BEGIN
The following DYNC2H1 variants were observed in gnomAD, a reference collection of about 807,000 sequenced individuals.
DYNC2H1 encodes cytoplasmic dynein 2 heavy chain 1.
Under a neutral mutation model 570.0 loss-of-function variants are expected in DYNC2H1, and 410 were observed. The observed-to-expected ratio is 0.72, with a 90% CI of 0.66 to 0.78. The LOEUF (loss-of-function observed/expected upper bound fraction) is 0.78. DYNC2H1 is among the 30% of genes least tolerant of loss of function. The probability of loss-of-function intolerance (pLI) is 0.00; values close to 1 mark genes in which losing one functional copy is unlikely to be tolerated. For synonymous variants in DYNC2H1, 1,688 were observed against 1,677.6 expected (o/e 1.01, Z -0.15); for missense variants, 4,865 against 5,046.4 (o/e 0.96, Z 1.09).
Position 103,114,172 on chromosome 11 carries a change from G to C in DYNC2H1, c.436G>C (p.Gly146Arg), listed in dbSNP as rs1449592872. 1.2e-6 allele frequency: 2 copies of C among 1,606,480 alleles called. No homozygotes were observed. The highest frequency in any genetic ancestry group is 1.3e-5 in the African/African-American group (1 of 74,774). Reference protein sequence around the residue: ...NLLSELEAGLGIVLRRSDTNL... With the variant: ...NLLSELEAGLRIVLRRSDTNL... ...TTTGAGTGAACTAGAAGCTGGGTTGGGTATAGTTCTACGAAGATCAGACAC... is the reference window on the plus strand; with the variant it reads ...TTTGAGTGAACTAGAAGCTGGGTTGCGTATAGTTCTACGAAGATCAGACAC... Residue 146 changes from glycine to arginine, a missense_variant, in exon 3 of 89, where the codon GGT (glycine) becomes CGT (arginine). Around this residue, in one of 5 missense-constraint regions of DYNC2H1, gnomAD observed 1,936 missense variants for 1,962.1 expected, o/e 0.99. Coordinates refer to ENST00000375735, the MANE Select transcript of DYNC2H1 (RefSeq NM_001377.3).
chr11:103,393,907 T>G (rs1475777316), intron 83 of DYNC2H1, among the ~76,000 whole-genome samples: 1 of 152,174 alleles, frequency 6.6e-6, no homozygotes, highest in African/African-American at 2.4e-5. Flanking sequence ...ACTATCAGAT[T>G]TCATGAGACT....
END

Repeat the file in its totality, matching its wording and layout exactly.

The following DYNC2H1 variants were observed in gnomAD, a reference collection of about 807,000 sequenced individuals.
DYNC2H1 encodes cytoplasmic dynein 2 heavy chain 1.
Under a neutral mutation model 570.0 loss-of-function variants are expected in DYNC2H1, and 410 were observed. The observed-to-expected ratio is 0.72, with a 90% CI of 0.66 to 0.78. The LOEUF (loss-of-function observed/expected upper bound fraction) is 0.78. DYNC2H1 is among the 30% of genes least tolerant of loss of function. The probability of loss-of-function intolerance (pLI) is 0.00; values close to 1 mark genes in which losing one functional copy is unlikely to be tolerated. For synonymous variants in DYNC2H1, 1,688 were observed against 1,677.6 expected (o/e 1.01, Z -0.15); for missense variants, 4,865 against 5,046.4 (o/e 0.96, Z 1.09).
Position 103,114,172 on chromosome 11 carries a change from G to C in DYNC2H1, c.436G>C (p.Gly146Arg), listed in dbSNP as rs1449592872. 1.2e-6 allele frequency: 2 copies of C among 1,606,480 alleles called. No homozygotes were observed. The highest frequency in any genetic ancestry group is 1.3e-5 in the African/African-American group (1 of 74,774). Reference protein sequence around the residue: ...NLLSELEAGLGIVLRRSDTNL... With the variant: ...NLLSELEAGLRIVLRRSDTNL... ...TTTGAGTGAACTAGAAGCTGGGTTGGGTATAGTTCTACGAAGATCAGACAC... is the reference window on the plus strand; with the variant it reads ...TTTGAGTGAACTAGAAGCTGGGTTGCGTATAGTTCTACGAAGATCAGACAC... Residue 146 changes from glycine to arginine, a missense_variant, in exon 3 of 89, where the codon GGT (glycine) becomes CGT (arginine). Around this residue, in one of 5 missense-constraint regions of DYNC2H1, gnomAD observed 1,936 missense variants for 1,962.1 expected, o/e 0.99. Coordinates refer to ENST00000375735, the MANE Select transcript of DYNC2H1 (RefSeq NM_001377.3).
chr11:103,393,907 T>G (rs1475777316), intron 83 of DYNC2H1, among the ~76,000 whole-genome samples: 1 of 152,174 alleles, frequency 6.6e-6, no homozygotes, highest in African/African-American at 2.4e-5. Flanking sequence ...ACTATCAGAT[T>G]TCATGAGACT....